60 years after 1948 war, India-Pakistan on trade highway to peace (Roundup)

October 21st, 2008 - 5:12 pm ICT by IANS  

Manmohan SinghMuzaffarabad/Salamabad/Rangar, Oct 21 (IANS) Bridging a six-decade divide, India and Pakistan Tuesday moved ahead on the road to peace as the first trade convoys trundled across the Line of Control (LoC) that separates the two Kashmirs to the sound of drumbeats and loud cheers. As cross-LoC trade on the Srinagar-Muzaffarabad and Poonch-Rawlakote routes began for the first time since 1948, when commercial ties snapped following the India-Pakistan war a year after the bloody partition of the subcontinent, excitement ran high on both sides.

Old timers recalled with nostalgia the era long gone when trade flowed freely and the young looked forward to the beginning of a new era of peace.

In Muzaffarabad, the capital of Pakistan administered Kashmir, hundreds of waving and cheering people lined up along the 180-km road to Srinagar that crosses the border at Chakothi as the caravan of 14 trucks began their historic journey.

As the first trucks carrying rice, garlic, spices, dry fruit, onions and the famous Peshawri shoes left for Indian Kashmir, a similar convoy from Srinagar carrying goodies like carpets, apples, walnuts and papier mache items left the Salamabad trade facilitation centre.

Both the countries have allowed trade in 21 items that are produced or prepared locally.

“We hope this route will once again bring prosperity to the people of both sides,” said Sardar Anis Ali Khan, a trader based in Muzaffarabad.

The move to open the traditional trade route along the Jhelum was decided upon last month when Pakistan President Asif Ali Zardari and Indian Prime Minister Manmohan Singh met in New York.

According to the agreed formula, Pakistani trucks will travel 20 km inside Indian Kashmir from where Indian trucks will carry the goods to Srinagar and other parts. Likewise, Indian trucks will come 20 km inside Pakistan administered Kashmir and unload goods to be carried by Pakistani trucks to different destinations.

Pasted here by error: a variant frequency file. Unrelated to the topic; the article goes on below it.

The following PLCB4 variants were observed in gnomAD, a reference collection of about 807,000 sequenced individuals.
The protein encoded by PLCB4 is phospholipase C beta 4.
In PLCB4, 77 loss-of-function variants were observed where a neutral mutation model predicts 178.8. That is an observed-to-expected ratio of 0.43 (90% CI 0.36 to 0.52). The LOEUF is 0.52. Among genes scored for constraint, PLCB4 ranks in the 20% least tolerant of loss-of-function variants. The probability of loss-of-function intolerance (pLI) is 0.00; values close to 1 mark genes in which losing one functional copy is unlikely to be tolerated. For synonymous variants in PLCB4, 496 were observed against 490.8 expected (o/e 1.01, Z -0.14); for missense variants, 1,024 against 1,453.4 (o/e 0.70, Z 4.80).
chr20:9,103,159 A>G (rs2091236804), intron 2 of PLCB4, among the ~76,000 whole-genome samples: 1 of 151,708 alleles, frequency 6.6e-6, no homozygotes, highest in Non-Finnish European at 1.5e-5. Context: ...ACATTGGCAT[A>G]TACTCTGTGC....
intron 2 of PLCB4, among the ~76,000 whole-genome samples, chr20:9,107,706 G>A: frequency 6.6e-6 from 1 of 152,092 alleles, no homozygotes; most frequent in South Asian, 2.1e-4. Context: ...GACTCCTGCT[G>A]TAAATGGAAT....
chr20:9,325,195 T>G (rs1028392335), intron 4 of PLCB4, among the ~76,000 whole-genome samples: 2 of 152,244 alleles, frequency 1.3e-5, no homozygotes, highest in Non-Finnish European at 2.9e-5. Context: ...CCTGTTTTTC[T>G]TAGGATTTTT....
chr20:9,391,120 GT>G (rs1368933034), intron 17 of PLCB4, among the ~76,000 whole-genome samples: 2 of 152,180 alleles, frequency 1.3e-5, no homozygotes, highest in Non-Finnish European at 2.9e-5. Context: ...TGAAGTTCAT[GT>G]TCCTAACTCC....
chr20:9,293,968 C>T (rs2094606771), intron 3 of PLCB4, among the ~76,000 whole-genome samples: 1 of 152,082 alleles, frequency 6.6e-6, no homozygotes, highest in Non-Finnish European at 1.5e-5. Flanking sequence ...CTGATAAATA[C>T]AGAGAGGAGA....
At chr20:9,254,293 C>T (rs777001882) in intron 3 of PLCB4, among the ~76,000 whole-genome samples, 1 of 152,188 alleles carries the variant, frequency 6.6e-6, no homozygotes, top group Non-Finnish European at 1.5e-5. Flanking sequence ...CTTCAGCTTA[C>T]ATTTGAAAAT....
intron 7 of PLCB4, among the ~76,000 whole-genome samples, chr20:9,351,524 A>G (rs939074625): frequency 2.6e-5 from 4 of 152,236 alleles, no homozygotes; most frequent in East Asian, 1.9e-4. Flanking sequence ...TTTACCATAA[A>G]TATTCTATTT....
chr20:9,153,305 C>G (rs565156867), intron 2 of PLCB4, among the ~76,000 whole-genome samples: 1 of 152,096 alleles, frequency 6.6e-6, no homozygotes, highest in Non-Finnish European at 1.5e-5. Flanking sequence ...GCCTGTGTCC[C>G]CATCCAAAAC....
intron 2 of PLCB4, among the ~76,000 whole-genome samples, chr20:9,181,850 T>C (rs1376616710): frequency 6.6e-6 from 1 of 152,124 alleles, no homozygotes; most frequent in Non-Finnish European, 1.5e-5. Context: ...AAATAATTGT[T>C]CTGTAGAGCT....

Officials here said truck drivers had been issued special permits to cross the LoC. “Every time, they will be issued single entry permit by both sides,” an official at the Muzaffarabad “immigration” office told IANS.

The bureaucratic details did not dim truck driver Asif Hussain’s enthusiasm. “Though I won’t be able to go to Srinagar and meet people there, at least I’ll be able to breathe in the air of (Indian) Kashmir,” he said emotionally.

“What wrong have we done? Why are we being punished for the last 60 years?” The people of the two Kashmirs, he said, wanted to live peacefully. “Our two generations have been destroyed.”

The sentiment found echo across the divide.

At the Salamabad centre, hundreds of people dressed in their brightest armed with drums and other musical instruments turned up to watch Jammu and Kashmir Governor N.N. Vohra flag off the first convoy of 14 trucks.

Emotions ran high as schoolchildren lined along the route sang “Rab ne Yeh din deklayu. Pardesiya to hun gar ayoo (God has made this possible for us. Oh you who lived in wilderness and exile, you are welcome home once again)”.

“I haven’t been able to sleep the entire night as I waited for the first light to see the beginning of a new dawn in valley’s trade history,” said Mehboob Ahmad, a truck driver who with 13 others was getting ready to go to Chakothi.

“Both India and Pakistan must stick to this great CBM (confidence building measure) so that the walls of hatred between the two countries are brought down and a new chapter is written in the history of Kashmir… Trade through the Srinagar-Muzaffarabad road must continue unfettered for borders to become irrelevant,” added Gulam Rasool Bhat, president of the north Kashmir fruit growers association, who came to see his goods being sent to Muzaffarabad.

In Rangar, about 250 km from the winter capital Jammu, similar scenes were played out.

While Governor Vohra was in Salamabad in north Kashmir, his adviser H.H. Tyabji did the honours in Rangar and kick off trade between Poonch and Rawlakote — only 30 km from each other.

Instead of 14 trucks, however, only three trucks carrying fruits and vegetables crossed the LoC to enter Pakistan administered Kashmir. Pakistan would begin trade on the route Wednesday, officials said.

“We were asked by the Pakistani side to delay the opening of Poonch route as arrangements were not in place on their side, but we wanted it to start on this date as elections are going to keep state machinery busy,” Ram Sahai, president of Chamber of Commerce and Industries, told IANS.

“Today, we are just sending fruits and vegetables as gifts for our brethren on the other side of the LoC,” he added.

A small beginning for officials, a giant leap for Kashmiris and the often fraught India-Pakistan relationship.

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